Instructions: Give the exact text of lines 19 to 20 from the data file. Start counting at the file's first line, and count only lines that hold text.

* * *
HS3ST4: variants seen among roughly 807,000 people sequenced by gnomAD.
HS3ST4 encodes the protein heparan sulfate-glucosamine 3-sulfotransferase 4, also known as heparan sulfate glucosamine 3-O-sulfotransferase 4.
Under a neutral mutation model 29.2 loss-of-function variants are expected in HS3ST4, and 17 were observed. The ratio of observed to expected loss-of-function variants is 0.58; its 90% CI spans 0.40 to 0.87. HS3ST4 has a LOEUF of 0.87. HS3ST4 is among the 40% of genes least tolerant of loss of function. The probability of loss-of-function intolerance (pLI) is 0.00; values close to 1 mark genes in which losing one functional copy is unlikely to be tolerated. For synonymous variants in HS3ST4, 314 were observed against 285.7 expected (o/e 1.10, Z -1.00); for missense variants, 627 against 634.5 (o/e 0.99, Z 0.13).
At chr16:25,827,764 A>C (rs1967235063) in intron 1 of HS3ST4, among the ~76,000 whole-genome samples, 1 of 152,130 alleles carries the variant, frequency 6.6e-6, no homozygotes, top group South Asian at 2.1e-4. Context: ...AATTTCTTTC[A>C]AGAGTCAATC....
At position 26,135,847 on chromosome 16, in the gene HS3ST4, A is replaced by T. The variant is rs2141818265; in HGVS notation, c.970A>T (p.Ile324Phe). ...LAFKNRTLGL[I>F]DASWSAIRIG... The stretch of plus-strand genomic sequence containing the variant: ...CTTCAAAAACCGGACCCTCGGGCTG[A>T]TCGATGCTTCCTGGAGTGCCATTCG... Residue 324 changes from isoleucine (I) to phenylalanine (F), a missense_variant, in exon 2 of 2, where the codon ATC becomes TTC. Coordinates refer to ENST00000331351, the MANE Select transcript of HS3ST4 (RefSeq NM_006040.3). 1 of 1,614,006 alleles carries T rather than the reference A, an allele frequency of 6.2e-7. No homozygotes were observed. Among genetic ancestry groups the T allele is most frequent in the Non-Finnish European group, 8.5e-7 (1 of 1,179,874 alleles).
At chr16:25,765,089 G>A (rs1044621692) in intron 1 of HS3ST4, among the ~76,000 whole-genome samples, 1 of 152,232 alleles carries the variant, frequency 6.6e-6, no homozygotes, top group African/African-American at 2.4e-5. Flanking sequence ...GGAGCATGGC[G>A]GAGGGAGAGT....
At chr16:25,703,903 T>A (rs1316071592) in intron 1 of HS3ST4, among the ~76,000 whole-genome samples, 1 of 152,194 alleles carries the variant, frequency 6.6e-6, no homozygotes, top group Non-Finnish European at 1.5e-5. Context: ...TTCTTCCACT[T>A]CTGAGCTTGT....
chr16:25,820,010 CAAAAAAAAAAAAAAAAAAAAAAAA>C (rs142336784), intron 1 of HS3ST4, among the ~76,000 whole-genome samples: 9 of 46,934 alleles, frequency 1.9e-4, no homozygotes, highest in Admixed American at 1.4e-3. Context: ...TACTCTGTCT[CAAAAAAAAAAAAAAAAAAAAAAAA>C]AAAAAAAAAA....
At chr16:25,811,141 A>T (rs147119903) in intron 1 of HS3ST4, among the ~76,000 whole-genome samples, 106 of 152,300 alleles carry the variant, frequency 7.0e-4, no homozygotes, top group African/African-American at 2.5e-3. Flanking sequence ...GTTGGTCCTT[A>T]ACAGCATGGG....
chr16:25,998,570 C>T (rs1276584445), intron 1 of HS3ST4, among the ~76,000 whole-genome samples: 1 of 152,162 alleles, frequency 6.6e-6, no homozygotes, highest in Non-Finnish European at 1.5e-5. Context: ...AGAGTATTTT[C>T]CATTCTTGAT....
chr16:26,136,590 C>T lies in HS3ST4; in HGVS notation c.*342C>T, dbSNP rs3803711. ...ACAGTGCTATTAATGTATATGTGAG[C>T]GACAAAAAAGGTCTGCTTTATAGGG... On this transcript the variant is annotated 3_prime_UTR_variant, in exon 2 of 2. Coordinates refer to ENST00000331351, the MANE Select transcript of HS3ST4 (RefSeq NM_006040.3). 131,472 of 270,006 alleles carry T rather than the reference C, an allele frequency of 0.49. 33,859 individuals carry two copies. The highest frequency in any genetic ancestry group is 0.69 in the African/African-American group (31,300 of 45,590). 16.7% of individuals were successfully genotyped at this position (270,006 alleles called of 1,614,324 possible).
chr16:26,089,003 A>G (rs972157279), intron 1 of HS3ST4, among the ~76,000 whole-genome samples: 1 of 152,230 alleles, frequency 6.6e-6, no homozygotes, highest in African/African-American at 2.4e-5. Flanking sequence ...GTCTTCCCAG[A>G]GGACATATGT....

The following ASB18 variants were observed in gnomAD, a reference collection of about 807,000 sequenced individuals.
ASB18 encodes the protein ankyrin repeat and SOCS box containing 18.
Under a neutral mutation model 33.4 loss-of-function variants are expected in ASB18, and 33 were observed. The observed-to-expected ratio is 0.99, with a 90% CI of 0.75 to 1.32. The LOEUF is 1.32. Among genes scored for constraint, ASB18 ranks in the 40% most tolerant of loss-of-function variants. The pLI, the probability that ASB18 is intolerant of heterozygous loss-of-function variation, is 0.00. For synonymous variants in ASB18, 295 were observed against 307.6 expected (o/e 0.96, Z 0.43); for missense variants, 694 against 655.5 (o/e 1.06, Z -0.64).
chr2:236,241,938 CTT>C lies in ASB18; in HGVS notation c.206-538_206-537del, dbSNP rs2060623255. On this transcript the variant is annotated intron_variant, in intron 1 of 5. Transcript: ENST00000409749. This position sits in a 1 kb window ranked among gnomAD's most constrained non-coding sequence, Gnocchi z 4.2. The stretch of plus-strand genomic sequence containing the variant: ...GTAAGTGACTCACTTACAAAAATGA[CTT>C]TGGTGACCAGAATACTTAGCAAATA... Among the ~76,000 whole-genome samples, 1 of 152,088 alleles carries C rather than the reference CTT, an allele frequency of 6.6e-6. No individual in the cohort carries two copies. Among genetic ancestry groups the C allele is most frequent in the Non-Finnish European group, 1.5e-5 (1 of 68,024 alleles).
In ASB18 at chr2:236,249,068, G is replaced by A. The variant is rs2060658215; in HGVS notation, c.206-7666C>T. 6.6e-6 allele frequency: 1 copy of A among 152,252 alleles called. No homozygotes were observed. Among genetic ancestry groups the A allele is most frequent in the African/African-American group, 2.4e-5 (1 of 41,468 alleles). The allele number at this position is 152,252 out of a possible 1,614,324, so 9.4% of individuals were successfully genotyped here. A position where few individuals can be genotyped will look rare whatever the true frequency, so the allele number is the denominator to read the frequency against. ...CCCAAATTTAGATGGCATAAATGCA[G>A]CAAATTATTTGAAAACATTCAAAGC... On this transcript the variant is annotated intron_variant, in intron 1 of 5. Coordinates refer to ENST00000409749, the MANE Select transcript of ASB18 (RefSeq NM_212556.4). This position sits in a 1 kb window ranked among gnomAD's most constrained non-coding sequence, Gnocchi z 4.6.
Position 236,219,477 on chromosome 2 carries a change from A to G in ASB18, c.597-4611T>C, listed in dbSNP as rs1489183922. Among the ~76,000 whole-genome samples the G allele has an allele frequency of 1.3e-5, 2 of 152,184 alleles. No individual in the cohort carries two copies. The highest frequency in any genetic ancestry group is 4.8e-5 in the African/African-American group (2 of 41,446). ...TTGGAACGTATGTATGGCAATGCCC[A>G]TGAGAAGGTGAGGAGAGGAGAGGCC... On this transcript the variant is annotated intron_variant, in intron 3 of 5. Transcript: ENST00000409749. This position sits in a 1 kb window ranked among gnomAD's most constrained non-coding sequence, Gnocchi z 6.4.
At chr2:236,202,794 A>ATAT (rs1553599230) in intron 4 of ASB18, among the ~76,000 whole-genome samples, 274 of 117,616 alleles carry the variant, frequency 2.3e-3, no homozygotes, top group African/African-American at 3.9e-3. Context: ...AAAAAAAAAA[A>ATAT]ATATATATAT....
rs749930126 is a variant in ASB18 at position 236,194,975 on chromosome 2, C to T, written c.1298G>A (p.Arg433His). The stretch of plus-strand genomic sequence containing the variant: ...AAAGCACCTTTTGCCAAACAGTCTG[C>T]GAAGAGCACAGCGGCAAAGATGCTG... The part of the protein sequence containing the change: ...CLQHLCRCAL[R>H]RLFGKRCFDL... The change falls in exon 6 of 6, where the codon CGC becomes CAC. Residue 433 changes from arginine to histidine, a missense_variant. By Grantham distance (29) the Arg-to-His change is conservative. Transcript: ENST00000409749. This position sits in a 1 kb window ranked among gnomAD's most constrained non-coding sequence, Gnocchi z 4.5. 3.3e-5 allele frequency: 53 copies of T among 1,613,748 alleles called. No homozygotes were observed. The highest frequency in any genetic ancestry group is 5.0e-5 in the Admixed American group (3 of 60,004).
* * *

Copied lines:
At chr2:236,202,794 A>ATAT (rs1553599230) in intron 4 of ASB18, among the ~76,000 whole-genome samples, 274 of 117,616 alleles carry the variant, frequency 2.3e-3, no homozygotes, top group African/African-American at 3.9e-3. Context: ...AAAAAAAAAA[A>ATAT]ATATATATAT....
rs749930126 is a variant in ASB18 at position 236,194,975 on chromosome 2, C to T, written c.1298G>A (p.Arg433His). The stretch of plus-strand genomic sequence containing the variant: ...AAAGCACCTTTTGCCAAACAGTCTG[C>T]GAAGAGCACAGCGGCAAAGATGCTG... The part of the protein sequence containing the change: ...CLQHLCRCAL[R>H]RLFGKRCFDL... The change falls in exon 6 of 6, where the codon CGC becomes CAC. Residue 433 changes from arginine to histidine, a missense_variant. By Grantham distance (29) the Arg-to-His change is conservative. Transcript: ENST00000409749. This position sits in a 1 kb window ranked among gnomAD's most constrained non-coding sequence, Gnocchi z 4.5. 3.3e-5 allele frequency: 53 copies of T among 1,613,748 alleles called. No homozygotes were observed. The highest frequency in any genetic ancestry group is 5.0e-5 in the Admixed American group (3 of 60,004).